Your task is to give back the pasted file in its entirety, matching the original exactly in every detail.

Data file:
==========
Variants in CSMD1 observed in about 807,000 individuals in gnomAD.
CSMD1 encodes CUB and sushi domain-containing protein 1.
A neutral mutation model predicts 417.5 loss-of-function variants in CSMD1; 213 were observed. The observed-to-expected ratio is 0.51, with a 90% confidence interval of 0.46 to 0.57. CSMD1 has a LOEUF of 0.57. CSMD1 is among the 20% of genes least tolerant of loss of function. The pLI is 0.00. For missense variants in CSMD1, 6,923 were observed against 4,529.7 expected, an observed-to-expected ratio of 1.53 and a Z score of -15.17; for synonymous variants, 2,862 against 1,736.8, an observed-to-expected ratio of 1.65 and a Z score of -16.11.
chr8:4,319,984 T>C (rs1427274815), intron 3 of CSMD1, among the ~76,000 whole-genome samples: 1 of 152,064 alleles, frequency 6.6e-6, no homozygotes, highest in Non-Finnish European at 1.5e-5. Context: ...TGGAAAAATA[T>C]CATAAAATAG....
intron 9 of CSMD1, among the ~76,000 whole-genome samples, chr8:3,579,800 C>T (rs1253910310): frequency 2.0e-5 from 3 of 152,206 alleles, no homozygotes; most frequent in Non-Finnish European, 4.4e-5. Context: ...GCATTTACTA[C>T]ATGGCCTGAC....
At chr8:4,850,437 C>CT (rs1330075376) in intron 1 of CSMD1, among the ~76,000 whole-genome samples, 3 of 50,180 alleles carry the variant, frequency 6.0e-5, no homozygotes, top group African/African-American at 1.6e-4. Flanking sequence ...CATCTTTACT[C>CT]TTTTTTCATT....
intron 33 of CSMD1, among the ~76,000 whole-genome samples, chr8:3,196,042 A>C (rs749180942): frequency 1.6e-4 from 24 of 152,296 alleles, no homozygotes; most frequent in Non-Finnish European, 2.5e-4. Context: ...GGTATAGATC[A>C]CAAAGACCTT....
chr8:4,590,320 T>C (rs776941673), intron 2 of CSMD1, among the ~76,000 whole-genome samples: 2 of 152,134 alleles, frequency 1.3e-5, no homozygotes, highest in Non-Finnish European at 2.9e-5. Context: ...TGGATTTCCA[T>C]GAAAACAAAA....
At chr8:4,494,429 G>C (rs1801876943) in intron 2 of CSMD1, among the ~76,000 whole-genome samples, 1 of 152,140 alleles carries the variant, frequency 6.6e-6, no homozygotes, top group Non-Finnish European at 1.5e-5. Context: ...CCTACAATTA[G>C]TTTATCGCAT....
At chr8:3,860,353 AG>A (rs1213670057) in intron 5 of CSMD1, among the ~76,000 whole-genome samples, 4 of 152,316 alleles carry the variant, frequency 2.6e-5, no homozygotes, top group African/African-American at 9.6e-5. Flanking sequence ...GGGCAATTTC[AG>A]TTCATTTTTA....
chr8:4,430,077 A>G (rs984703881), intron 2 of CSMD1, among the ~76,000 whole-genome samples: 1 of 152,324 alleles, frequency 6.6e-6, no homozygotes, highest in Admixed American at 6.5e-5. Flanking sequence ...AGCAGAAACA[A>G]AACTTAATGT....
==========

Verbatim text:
Variants in CSMD1 observed in about 807,000 individuals in gnomAD.
CSMD1 encodes CUB and sushi domain-containing protein 1.
A neutral mutation model predicts 417.5 loss-of-function variants in CSMD1; 213 were observed. The observed-to-expected ratio is 0.51, with a 90% confidence interval of 0.46 to 0.57. CSMD1 has a LOEUF of 0.57. CSMD1 is among the 20% of genes least tolerant of loss of function. The pLI is 0.00. For missense variants in CSMD1, 6,923 were observed against 4,529.7 expected, an observed-to-expected ratio of 1.53 and a Z score of -15.17; for synonymous variants, 2,862 against 1,736.8, an observed-to-expected ratio of 1.65 and a Z score of -16.11.
chr8:4,319,984 T>C (rs1427274815), intron 3 of CSMD1, among the ~76,000 whole-genome samples: 1 of 152,064 alleles, frequency 6.6e-6, no homozygotes, highest in Non-Finnish European at 1.5e-5. Context: ...TGGAAAAATA[T>C]CATAAAATAG....
intron 9 of CSMD1, among the ~76,000 whole-genome samples, chr8:3,579,800 C>T (rs1253910310): frequency 2.0e-5 from 3 of 152,206 alleles, no homozygotes; most frequent in Non-Finnish European, 4.4e-5. Context: ...GCATTTACTA[C>T]ATGGCCTGAC....
At chr8:4,850,437 C>CT (rs1330075376) in intron 1 of CSMD1, among the ~76,000 whole-genome samples, 3 of 50,180 alleles carry the variant, frequency 6.0e-5, no homozygotes, top group African/African-American at 1.6e-4. Flanking sequence ...CATCTTTACT[C>CT]TTTTTTCATT....
intron 33 of CSMD1, among the ~76,000 whole-genome samples, chr8:3,196,042 A>C (rs749180942): frequency 1.6e-4 from 24 of 152,296 alleles, no homozygotes; most frequent in Non-Finnish European, 2.5e-4. Context: ...GGTATAGATC[A>C]CAAAGACCTT....
chr8:4,590,320 T>C (rs776941673), intron 2 of CSMD1, among the ~76,000 whole-genome samples: 2 of 152,134 alleles, frequency 1.3e-5, no homozygotes, highest in Non-Finnish European at 2.9e-5. Context: ...TGGATTTCCA[T>C]GAAAACAAAA....
At chr8:4,494,429 G>C (rs1801876943) in intron 2 of CSMD1, among the ~76,000 whole-genome samples, 1 of 152,140 alleles carries the variant, frequency 6.6e-6, no homozygotes, top group Non-Finnish European at 1.5e-5. Context: ...CCTACAATTA[G>C]TTTATCGCAT....
At chr8:3,860,353 AG>A (rs1213670057) in intron 5 of CSMD1, among the ~76,000 whole-genome samples, 4 of 152,316 alleles carry the variant, frequency 2.6e-5, no homozygotes, top group African/African-American at 9.6e-5. Flanking sequence ...GGGCAATTTC[AG>A]TTCATTTTTA....
chr8:4,430,077 A>G (rs984703881), intron 2 of CSMD1, among the ~76,000 whole-genome samples: 1 of 152,324 alleles, frequency 6.6e-6, no homozygotes, highest in Admixed American at 6.5e-5. Flanking sequence ...AGCAGAAACA[A>G]AACTTAATGT....